I Believe in The Holy Spirit

25“All this I have spoken while still with you. 26But the Counselor, the Holy Spirit, whom the Father will send in my name, will teach you all things and will remind you of everything I have said to you. 27Peace I leave with you; my peace I give you. I do not give to you as the world gives. Do not let your hearts be troubled and do not be afraid.  — John 14:25-27

The Third Person in The Creed

I had the opportunity to speak to students at Duke Divinity School this past week, and to meet Dr. Curtis Freeman, who is the director of The Baptist House at Duke.  Dr. Freeman and I had a chance to chat later in the afternoon.  In the course of our conversation, my sermon series on The Apostles’ Creed came up, and Dr. Freeman was curious as to how that was going.  He had read about my intention to preach on the Creed this summer, and emailed me that he was going to be speaking at a conference in Alabama at Samford’s Beeson Divinity School — a Baptist university — on the Nicene Creed.  So, creeds seem to be more and more popular in Baptist life, not because we are in danger of adopting one officially, but because we believe the statements in the great creeds of Christianity.  He also told me that Duke Divinity was hosting Dr. Geoffrey Wainwright, distinguished professor in systematic theology.  Dr. Freeman told me that Wainwright uses The Apostles’ Creed as his outline for his sytematic theology lectures.  Of course, he’s a Methodist, which explains a lot, but nevertheless, I’m not so far out in doing this series after all.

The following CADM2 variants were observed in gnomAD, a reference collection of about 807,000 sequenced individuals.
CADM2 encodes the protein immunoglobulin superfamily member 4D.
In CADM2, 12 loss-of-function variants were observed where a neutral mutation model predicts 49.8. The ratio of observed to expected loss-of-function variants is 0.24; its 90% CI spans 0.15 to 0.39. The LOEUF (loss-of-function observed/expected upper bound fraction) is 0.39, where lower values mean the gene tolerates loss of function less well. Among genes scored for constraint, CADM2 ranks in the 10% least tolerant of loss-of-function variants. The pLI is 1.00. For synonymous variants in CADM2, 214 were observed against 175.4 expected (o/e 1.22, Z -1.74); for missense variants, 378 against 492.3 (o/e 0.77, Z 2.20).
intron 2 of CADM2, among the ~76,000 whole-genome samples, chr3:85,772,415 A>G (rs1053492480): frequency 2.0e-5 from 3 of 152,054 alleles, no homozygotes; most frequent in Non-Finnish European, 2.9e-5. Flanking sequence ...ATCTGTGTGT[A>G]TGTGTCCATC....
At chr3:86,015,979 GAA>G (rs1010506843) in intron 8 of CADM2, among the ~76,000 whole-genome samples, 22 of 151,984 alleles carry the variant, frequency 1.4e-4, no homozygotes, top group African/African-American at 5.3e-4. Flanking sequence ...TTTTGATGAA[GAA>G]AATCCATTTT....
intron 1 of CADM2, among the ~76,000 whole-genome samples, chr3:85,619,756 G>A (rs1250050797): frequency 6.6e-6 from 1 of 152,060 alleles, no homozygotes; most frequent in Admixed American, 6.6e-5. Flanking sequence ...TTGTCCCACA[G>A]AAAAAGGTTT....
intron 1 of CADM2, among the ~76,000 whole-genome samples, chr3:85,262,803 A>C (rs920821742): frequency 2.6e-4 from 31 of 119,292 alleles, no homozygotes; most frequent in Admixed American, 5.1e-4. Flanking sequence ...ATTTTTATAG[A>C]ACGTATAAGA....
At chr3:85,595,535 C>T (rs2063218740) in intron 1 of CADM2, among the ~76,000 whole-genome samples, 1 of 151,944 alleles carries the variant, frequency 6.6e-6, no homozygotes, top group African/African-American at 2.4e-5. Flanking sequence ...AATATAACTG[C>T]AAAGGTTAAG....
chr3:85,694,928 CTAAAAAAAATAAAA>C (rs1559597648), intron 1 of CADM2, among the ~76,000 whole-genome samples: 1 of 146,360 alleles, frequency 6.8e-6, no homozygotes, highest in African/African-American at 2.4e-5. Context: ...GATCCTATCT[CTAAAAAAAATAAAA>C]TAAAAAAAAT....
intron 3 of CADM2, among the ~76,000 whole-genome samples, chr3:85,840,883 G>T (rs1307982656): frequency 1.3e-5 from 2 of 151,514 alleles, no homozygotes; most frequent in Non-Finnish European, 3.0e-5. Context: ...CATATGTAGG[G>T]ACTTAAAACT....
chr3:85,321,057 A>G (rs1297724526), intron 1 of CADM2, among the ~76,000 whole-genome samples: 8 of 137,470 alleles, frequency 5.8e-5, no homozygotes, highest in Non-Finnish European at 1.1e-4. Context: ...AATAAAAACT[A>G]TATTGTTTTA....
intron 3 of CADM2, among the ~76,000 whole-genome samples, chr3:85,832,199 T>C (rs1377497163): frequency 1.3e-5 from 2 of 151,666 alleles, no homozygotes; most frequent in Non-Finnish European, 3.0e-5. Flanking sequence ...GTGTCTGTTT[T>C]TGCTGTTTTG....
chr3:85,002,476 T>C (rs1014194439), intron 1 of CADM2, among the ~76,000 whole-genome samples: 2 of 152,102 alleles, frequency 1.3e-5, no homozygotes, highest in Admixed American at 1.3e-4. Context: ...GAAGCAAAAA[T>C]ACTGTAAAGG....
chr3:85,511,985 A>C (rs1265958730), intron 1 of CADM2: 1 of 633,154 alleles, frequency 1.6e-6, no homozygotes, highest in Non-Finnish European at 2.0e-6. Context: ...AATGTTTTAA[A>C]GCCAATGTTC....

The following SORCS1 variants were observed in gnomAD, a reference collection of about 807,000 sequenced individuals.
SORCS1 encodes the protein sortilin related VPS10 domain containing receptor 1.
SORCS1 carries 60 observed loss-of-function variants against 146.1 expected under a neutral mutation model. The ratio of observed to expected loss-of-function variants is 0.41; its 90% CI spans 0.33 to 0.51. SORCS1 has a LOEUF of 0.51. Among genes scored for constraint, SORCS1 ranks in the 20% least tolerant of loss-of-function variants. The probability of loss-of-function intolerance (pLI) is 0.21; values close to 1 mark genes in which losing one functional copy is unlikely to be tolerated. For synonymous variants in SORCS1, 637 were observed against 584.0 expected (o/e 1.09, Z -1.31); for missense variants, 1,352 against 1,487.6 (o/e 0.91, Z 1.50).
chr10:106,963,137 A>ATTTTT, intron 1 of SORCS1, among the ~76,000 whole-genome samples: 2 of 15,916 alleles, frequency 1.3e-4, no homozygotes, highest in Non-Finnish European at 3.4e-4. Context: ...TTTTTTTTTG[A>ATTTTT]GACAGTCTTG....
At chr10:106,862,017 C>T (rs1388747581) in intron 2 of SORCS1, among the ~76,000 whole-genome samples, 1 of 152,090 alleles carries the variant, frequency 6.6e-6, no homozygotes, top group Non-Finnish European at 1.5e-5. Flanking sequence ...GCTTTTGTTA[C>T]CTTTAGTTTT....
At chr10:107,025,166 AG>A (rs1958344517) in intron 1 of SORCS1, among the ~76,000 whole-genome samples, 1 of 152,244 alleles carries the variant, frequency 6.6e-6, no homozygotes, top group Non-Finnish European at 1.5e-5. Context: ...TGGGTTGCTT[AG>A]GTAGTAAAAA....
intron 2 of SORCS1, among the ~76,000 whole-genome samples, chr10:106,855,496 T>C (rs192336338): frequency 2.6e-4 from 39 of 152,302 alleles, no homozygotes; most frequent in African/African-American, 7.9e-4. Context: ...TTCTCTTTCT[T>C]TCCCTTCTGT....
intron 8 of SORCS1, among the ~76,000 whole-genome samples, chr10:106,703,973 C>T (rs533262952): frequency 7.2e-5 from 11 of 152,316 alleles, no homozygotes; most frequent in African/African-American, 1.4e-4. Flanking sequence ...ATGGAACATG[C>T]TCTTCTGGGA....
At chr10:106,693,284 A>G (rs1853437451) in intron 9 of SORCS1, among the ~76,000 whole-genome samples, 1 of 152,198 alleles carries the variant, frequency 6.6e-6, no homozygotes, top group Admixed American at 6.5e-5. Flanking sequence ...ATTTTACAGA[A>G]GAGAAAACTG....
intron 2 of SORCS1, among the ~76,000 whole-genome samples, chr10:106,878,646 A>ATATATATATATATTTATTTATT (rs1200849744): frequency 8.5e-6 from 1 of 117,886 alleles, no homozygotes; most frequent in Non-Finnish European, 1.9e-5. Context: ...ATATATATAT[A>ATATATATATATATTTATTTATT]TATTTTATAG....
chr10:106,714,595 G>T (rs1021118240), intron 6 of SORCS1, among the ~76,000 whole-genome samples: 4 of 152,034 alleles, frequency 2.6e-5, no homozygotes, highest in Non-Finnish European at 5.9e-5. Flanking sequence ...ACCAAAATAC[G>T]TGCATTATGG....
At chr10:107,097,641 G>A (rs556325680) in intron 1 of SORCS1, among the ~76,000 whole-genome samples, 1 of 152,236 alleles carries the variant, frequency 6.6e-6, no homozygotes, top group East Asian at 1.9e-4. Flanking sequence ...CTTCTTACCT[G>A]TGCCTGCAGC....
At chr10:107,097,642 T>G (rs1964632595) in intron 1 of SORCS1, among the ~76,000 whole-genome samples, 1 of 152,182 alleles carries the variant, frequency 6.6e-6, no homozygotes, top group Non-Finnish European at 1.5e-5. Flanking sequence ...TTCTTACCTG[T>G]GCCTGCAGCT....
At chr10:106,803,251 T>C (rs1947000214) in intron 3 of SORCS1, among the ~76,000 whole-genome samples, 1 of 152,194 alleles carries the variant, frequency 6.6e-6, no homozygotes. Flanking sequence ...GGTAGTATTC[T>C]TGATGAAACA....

So, let’s get down to business today.  The Apostles’ Creed could be easily divided into three main sections:

  1. The section affirming belief in “God the Father, Almighty, Maker of heaven and earth.”
  2. The second second on our affirmation in “Jesus Christ, His only Son, our Lord,”
  3. And, the third section, stating simply, “I believe in the Holy Spirit.”

Two powerful lines in the Creed are devoted to God, and ten lines are devoted to Jesus.  The two lines about God use high content titles to describe God — Father, Almighty, Creator.   Those three words describe our relationship to God; God’s own pre-eminence over everything; and, God’s creative act.